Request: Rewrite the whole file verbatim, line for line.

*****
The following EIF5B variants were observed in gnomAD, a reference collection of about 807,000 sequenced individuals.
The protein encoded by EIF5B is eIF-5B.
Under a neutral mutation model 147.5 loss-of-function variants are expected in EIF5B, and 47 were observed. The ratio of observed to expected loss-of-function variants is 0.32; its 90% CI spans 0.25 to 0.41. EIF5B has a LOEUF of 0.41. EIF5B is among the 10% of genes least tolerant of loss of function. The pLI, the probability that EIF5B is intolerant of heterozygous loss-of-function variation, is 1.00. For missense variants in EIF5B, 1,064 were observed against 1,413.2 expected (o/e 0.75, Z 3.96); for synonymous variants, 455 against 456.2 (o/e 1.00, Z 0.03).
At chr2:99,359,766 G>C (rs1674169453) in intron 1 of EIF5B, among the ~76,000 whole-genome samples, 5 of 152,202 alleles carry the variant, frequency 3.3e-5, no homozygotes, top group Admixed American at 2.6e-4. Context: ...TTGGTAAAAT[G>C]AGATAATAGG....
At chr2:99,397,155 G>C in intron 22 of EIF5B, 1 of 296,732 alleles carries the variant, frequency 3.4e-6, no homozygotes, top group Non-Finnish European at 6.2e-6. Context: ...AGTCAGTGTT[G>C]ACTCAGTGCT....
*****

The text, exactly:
The following EIF5B variants were observed in gnomAD, a reference collection of about 807,000 sequenced individuals.
The protein encoded by EIF5B is eIF-5B.
Under a neutral mutation model 147.5 loss-of-function variants are expected in EIF5B, and 47 were observed. The ratio of observed to expected loss-of-function variants is 0.32; its 90% CI spans 0.25 to 0.41. EIF5B has a LOEUF of 0.41. EIF5B is among the 10% of genes least tolerant of loss of function. The pLI, the probability that EIF5B is intolerant of heterozygous loss-of-function variation, is 1.00. For missense variants in EIF5B, 1,064 were observed against 1,413.2 expected (o/e 0.75, Z 3.96); for synonymous variants, 455 against 456.2 (o/e 1.00, Z 0.03).
At chr2:99,359,766 G>C (rs1674169453) in intron 1 of EIF5B, among the ~76,000 whole-genome samples, 5 of 152,202 alleles carry the variant, frequency 3.3e-5, no homozygotes, top group Admixed American at 2.6e-4. Context: ...TTGGTAAAAT[G>C]AGATAATAGG....
At chr2:99,397,155 G>C in intron 22 of EIF5B, 1 of 296,732 alleles carries the variant, frequency 3.4e-6, no homozygotes, top group Non-Finnish European at 6.2e-6. Context: ...AGTCAGTGTT[G>C]ACTCAGTGCT....